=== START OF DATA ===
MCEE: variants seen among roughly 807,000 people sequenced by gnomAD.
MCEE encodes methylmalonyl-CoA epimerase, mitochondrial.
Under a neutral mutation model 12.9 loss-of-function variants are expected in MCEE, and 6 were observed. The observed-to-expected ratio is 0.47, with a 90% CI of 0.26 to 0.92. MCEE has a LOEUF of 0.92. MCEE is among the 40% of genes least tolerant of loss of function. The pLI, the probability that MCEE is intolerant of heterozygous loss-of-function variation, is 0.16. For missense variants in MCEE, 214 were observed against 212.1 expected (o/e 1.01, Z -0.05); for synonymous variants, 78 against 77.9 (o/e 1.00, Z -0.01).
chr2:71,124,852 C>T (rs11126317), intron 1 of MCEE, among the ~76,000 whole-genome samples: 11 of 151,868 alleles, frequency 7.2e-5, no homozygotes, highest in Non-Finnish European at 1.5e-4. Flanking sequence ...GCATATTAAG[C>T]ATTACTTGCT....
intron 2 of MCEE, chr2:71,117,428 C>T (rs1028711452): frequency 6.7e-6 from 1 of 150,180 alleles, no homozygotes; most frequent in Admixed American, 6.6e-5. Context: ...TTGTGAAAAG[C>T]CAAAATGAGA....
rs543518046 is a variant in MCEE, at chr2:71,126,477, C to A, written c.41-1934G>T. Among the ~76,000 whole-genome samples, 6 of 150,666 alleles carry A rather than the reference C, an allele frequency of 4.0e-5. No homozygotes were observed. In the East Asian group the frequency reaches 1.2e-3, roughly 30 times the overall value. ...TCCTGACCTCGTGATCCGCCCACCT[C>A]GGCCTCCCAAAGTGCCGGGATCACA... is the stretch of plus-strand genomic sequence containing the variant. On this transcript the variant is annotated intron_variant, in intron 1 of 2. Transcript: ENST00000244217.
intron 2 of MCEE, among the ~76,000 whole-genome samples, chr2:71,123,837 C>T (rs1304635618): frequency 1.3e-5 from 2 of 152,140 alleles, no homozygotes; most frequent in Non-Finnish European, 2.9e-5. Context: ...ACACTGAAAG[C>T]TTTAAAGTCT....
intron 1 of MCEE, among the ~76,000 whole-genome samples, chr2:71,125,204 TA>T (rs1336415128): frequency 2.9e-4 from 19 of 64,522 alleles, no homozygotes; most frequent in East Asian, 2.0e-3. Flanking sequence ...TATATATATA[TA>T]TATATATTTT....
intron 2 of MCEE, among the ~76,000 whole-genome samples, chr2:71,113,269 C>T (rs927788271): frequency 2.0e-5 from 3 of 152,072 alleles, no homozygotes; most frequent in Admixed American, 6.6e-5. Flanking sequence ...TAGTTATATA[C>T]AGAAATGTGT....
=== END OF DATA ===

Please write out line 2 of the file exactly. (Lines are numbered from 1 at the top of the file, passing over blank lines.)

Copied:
MCEE encodes methylmalonyl-CoA epimerase, mitochondrial.